Better indoor air quality, better health
29 Nov 2017
Air quality in indoor environments is associated with our health and should be given due attention since in a vertical city many people spend more than 80% of their time indoors, such as homes, offices, schools and other common areas. A recent study found that odour emission from air-cooling units is sometimes reported even when the air conditioning and ventilation system is clean and free of visible dust accumulation, resulting in discomfort and low productivity. The research also found that the source of the unpleasant smell is not common pollutants such as benzene, nitrogen dioxide, formaldehyde. Rather, the source of the problem is skin squames.
Dr Lai Ka-man, Associate Professor of the Department of Biology, points out that IAQ is strongly associated with air-conditioning and ventilation systems. Sick Building Syndrome, with symptoms including headache, malaise, nausea, flu and allergy that develop for no apparent reason in the occupants of a building, seems to be more prevalent nowadays. Most of the complainants report relief soon after leaving the building. Dr Lai says, "There are many potential sources affecting indoor air quality including construction materials, new furniture and photocopiers. Those materials emit pollutants and volatile organic compounds (VOCs), resulting in unpleasant smell and poor indoor air quality.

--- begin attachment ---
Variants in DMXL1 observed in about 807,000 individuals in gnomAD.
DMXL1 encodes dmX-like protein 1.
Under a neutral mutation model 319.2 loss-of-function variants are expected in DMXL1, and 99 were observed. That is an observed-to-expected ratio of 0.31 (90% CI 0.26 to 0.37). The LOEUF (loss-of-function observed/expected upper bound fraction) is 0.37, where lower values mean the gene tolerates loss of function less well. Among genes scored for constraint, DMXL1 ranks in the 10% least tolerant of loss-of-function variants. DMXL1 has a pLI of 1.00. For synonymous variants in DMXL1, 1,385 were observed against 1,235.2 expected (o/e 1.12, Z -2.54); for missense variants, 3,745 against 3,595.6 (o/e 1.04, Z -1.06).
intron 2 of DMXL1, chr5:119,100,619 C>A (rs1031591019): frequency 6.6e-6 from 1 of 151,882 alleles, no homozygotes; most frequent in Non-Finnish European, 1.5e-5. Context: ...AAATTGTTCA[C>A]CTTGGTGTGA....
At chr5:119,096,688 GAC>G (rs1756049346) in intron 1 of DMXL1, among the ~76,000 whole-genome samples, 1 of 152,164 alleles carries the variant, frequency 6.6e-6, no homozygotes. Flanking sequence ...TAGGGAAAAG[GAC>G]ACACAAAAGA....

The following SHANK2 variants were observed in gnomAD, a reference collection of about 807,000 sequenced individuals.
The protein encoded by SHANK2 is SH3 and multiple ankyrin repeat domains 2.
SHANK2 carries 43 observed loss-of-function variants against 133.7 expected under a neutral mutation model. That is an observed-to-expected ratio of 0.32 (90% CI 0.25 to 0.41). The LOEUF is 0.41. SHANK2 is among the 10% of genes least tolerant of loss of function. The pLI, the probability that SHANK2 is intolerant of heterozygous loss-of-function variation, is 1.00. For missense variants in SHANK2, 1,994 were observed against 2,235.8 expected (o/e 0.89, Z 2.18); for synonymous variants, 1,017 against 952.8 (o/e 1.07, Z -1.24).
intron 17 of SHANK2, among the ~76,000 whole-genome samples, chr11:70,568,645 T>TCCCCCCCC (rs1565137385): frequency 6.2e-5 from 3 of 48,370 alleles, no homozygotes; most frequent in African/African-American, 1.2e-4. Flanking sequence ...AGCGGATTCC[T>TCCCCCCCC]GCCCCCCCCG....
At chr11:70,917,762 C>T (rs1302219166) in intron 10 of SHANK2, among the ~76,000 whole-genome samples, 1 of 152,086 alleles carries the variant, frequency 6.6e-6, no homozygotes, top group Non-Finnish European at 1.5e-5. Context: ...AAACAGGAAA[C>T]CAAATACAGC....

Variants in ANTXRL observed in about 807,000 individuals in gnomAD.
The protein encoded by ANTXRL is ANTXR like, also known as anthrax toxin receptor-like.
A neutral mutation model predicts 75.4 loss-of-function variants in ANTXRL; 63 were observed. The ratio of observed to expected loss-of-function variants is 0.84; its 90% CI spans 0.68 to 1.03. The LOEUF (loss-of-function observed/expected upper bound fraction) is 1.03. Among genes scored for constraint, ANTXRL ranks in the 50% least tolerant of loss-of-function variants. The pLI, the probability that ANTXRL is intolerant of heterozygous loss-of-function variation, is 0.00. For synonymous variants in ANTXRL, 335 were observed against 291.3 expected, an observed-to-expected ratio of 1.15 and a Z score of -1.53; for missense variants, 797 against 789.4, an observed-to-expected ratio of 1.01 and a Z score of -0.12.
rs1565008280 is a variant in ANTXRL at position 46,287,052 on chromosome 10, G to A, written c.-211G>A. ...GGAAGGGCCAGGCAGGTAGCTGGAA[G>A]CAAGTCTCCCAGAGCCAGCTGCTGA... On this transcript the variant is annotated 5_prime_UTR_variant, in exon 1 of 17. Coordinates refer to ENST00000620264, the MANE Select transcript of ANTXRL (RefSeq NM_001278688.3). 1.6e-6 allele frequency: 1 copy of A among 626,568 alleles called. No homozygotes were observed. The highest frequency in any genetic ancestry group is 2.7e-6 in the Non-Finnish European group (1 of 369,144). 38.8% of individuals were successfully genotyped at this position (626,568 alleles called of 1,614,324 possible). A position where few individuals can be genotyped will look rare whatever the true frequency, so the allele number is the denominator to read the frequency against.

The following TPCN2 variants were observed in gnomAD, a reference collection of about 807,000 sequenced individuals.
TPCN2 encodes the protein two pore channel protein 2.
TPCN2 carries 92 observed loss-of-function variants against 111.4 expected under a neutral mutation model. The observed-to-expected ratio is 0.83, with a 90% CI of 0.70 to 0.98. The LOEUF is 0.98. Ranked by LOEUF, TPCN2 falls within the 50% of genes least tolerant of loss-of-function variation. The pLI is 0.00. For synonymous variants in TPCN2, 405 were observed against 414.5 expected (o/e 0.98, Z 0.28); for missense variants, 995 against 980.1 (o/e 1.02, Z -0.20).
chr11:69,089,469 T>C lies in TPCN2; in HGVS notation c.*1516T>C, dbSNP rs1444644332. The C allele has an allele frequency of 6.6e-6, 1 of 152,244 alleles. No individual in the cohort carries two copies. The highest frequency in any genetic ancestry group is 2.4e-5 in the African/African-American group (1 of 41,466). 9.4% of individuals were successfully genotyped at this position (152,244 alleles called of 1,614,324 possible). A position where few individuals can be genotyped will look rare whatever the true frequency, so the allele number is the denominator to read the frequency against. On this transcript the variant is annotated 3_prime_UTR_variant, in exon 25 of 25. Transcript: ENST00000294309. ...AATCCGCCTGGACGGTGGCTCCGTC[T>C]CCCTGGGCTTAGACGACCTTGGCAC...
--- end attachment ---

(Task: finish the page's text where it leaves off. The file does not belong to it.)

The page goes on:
Funded by the Environment and Conservation Fund under the Government's Environmental Protection Department, Dr Lai's research was the first to show that the accumulation of skin squames which release proteins for further degradation in an air conditioning system is positively correlated to ammonia (urine-like smell) produced by bacteria, resulting in discomfort experienced by occupants and poor IAQ.
Dr Lai reveals that it is commonly believed that odour problems are due to a dirty air conditioning system, which contains accumulated dust and harbours different types of microbes. Therefore, cleaning the system repeatedly is the general practice to eliminate the odour. In fact, for effective long-term odour control, it is necessary to reduce the amount of skin squames entering the air conditioning system by replacing filters with those that capture skin squames more effectively. This is also the most effective method to improve indoor air quality.